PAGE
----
After all this time, are we in Accord now?

Federal Minister for Education Jason Clare released the final Universities Accord report on Sunday. Experts for EduResearch Matters respond. From left to right: Andrew Norton, professor in the Practice of Higher Education Policy at the Australian National University; Gwilym Croucher, associate professor, in the Melbourne Centre for the Study of Higher Education; Jess Harris, associate

Dude, here’s how to get fizzle in your conclusion?

For students in ancient history, generic writing advice is insufficient. Advice about structure, such as, say what you are going to say, say it, then say what you have said, or acronyms, such as PEEL (Point Example Elaboration Link) emphasize repetition and connecting ideas. They aren’t much help to students needing to evaluate historical figures

School choice: why are more parents picking private over public?

By Helen Proctor in conversation with EduResearch Matters

More students than ever before are being enrolled in Australia’s private schools, according to new data on school choice from the Australian Bureau of Statistics. Most states and territories have experienced a similar trend. Even before current increases Australia had among the highest proportion of kids enrolled at non government schools in the OECD. Why

Excellent: why do we need that rating for early childhood care?

By Melissa Duffy Fagan

Professional identity in the Australian early childhood education and care sector (ECEC) is strongly linked to quality assurance

What teachers need now to survive (hint: not this old trick)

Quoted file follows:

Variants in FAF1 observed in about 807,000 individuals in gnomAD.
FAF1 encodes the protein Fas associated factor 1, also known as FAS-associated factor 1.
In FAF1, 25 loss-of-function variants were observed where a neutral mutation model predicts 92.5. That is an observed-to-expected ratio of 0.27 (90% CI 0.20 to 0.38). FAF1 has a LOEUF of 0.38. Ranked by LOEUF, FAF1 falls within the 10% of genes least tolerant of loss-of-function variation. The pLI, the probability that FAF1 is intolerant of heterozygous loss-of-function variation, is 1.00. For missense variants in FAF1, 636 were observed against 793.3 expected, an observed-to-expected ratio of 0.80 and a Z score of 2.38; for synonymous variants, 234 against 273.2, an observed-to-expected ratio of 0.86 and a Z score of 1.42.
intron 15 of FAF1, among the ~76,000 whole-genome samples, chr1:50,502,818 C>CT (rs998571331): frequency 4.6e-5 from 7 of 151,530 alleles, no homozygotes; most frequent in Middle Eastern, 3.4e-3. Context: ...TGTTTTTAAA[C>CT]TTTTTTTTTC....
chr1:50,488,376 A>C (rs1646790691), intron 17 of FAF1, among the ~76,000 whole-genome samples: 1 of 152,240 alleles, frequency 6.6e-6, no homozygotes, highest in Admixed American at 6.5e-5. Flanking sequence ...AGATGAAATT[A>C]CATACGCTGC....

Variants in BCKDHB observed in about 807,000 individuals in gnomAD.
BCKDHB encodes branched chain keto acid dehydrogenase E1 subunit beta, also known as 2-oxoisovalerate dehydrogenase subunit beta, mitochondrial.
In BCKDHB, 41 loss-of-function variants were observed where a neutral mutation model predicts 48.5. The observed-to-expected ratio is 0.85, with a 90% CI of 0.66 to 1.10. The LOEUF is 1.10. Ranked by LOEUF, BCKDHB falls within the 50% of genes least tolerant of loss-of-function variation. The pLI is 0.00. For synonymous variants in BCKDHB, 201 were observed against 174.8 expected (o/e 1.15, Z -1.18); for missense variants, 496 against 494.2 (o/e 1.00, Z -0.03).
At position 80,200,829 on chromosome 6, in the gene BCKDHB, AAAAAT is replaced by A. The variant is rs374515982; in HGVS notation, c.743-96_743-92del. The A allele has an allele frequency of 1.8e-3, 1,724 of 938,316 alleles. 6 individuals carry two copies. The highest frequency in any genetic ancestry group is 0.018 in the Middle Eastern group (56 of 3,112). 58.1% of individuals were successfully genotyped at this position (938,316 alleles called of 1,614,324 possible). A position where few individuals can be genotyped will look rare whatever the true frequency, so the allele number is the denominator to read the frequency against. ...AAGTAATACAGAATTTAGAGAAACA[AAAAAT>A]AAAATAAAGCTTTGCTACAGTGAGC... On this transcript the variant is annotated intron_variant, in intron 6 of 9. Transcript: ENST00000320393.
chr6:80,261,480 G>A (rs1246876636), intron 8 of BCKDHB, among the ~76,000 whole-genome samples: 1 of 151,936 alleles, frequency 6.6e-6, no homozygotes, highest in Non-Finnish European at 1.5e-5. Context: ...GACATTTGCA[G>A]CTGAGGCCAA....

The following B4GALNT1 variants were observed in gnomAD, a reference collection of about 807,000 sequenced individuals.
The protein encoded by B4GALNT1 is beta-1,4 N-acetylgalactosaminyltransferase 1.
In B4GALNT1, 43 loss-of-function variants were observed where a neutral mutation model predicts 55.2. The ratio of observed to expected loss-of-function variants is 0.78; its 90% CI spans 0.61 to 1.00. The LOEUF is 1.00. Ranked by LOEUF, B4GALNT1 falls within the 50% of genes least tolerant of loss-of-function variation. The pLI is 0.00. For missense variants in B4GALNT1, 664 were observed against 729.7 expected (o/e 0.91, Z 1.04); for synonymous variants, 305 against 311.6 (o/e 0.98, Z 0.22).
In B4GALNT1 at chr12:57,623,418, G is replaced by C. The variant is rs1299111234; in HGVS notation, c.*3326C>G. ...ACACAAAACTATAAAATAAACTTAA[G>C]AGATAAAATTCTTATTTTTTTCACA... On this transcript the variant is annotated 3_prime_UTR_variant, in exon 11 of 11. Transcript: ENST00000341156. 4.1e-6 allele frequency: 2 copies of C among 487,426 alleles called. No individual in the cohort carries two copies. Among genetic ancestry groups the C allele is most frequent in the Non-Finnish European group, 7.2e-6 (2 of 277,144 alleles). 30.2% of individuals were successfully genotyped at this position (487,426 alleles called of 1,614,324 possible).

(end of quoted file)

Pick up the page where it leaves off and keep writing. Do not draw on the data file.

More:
By Julianna Libro

The advice given to teachers entering the classroom for the first time is often ‘Don’t smile until Easter’. The expression suggests hostility, attempting to place the teacher as the enforcer and the one who will wield the power for the year.  While the phrase might still ring true for some teachers, we, as teachers, are

Toil and trouble: why time-poor teachers choose these texts today

By Alison Bedford

When Queensland introduced a prescribed text list in 2019, teachers had a smorgasbord of choice, but they went with the bread and butter options. New data from the Queensland Curriculum And Assessment Authority about the texts shows English teachers play it safe when it comes to the texts they teach in Units 3 and 4

Australia doesn’t need a ‘Behaviour Curriculum’. We need to implement Social and Emotional Learning now

By Melissa Close and Linda Graham

Last month, the Senate Education and Employment References Committee released an interim report on the Senate Inquiry into increasing disruption in Australian school classrooms – and it looks like we will get the final report today. It used an unsubstantiated decline in Australia’s rank in the OECD’s disciplinary climate index to claim Australian classrooms as

School funding: Is this Australia’s most important moment for reform?

By Elisa Di Gregorio, Matthew P. Sinclair and Jane Kenway

School funding policy burst back onto the national agenda last Tuesday. Federal Education Minister Jason Clare announced a ‘statement of intent’ had been signed with Western Australia to fully fund the state’s public schools by 2026. This language is important. A statement of intent is not  a signed, five-year, bilateral funding agreement. There is still

Youth voice, dissent, marginalisation: reflections for our AARE community

By Melanie Baak, Sophie Rudolph, Eve Mayes and Jenn Brown

Like many AARE members, in late 2023 we were in Naarm attending the AARE conference ‘Voice, Truth, Place:

Part two: A new way forward for toddlers, teens, educators, parents

By Marg Rogers and Margaret Sims

Educators and parents often complain about toddlers and teenagers. In the first article of this two-part series, we explained similarities in their physical, social and emotional development. In this second article, we explore the cognitive similarities, share tips on building positive relationships, and provide ways to address their mental health and wellbeing. What are the